If you or someone you love has been placed under arrest for a felony or misdemeanor crime, it’s only natural to worry about how this event will impact your future. Even if you are never formally charged, the record of your arrest could follow you around and impose restrictions on your employment and housing options. In Texas, you may be eligible to petition for an expunction of your non-conviction record, allowing you to deny that the arrest occurred. You’ll no longer be required to disclose this information when applying for a job or for housing, and the court and law enforcement agencies will be prohibited from releasing the expunged record. The only time you are still obligated to acknowledge that the arrest occurred is when you are under oath. If you think you may be eligible to pursue an expunction in Texas for an arrest that did not lead to a conviction, read below to learn more.
Eligibility Requirements for a Non-Conviction Expungement
If you were placed under arrest and then acquitted or pardoned, or if no conviction occurred, then you may be able to seek an expunction of this arrest record. You may be able to request that an arrest be expunged from your criminal record if:
- Charges were never filed, and the statute of limitations on all charges that could have resulted from your arrest have expired;
- Charges were filed and then later dismissed and the statute of limitations on such charges has expired; or
- Charges were filed and then dismissed, regardless of whether the statute of limitations has expired, if: There was a mistake or false information indicating the absence of probable cause that you committed the alleged crime; the indictment or information was void; or you successfully completed a pretrial intervention program authorized under Section 76.011 of the Texas Government Code.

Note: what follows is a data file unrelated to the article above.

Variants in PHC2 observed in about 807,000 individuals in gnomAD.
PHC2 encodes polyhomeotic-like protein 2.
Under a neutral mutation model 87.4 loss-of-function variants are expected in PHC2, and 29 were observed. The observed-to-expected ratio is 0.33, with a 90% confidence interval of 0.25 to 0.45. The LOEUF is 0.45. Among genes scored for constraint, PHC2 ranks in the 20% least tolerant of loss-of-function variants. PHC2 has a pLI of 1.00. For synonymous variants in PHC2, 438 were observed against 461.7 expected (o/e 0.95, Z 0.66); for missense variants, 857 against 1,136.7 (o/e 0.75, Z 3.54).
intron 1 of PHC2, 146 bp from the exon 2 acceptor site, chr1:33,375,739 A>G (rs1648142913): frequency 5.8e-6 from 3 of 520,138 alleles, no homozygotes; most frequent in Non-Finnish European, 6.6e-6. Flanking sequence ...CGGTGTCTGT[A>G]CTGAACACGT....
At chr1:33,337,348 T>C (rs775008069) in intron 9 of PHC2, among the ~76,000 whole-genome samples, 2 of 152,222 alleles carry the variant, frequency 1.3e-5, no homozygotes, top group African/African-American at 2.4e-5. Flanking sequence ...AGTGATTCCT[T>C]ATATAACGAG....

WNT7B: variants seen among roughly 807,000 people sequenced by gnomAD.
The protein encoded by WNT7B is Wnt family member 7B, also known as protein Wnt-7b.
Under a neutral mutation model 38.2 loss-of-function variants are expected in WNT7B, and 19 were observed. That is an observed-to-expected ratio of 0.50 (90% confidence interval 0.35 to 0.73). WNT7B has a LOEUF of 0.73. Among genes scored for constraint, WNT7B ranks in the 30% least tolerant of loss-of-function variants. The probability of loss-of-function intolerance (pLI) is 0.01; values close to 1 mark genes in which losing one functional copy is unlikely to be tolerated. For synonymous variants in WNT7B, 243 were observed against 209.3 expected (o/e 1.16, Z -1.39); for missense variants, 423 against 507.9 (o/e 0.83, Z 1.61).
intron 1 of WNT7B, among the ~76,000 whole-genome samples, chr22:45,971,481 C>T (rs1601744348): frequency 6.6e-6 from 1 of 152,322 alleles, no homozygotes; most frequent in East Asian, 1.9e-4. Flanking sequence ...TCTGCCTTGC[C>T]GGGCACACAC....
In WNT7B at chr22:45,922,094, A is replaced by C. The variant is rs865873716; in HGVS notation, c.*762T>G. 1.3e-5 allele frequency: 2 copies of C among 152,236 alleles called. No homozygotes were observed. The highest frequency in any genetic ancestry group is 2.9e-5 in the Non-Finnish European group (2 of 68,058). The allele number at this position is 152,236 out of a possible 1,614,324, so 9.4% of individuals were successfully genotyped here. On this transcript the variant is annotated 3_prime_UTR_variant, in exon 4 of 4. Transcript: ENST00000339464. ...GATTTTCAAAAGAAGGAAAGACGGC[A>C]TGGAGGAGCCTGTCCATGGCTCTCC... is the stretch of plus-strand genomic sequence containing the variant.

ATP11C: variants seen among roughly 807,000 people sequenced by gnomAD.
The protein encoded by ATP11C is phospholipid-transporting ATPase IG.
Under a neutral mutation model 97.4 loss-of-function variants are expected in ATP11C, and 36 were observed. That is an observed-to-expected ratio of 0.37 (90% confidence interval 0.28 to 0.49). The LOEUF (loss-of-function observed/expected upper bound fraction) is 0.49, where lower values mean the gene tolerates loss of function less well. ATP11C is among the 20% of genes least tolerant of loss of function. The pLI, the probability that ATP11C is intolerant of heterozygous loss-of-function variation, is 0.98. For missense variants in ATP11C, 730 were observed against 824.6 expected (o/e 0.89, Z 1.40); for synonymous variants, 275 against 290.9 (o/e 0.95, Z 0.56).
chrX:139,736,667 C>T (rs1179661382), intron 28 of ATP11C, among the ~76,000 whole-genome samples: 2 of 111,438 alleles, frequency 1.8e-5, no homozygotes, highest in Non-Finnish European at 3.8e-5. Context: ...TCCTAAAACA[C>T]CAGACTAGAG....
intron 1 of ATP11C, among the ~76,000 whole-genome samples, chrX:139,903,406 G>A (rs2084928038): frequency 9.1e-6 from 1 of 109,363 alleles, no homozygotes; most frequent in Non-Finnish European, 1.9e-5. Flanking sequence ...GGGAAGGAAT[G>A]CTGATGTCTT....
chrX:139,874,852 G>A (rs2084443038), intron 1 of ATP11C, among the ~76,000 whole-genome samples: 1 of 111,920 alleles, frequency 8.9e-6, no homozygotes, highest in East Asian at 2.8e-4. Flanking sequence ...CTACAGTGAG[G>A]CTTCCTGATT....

While there are other circumstances where you may qualify for pursuing the expunction of an arrest record, it’s best to contact a knowledgeable criminal defense attorney to determine your best path forward.
Once you’ve determined that you meet these basic requirements, you may have to observe a specific waiting period before you can request an expunction. If your arrest did not result in charges of any kind, you may need to wait 180 days for a Class C misdemeanor, 1 year for a Class A and B misdemeanor, or 3 years for a felony before you can begin the expunction process. If charges were filed but then dismissed, you may need to wait for the statute of limitations for any offenses that could be brought against you related to your arrest have expired. Once you’ve met the requirements, you can file a petition. It’s highly recommended that you work with an experienced criminal defense attorney at this phase of the process to make sure that you complete the paperwork correctly.
If you are interested in learning more about requesting an non-conviction record expunction in the Pearland or Houston area, call the Law Offices of Keith G. Allen, PLLC at, call (832) 230-0075 to schedule a free consultation with a knowledgeable and experienced criminal defense attorney today.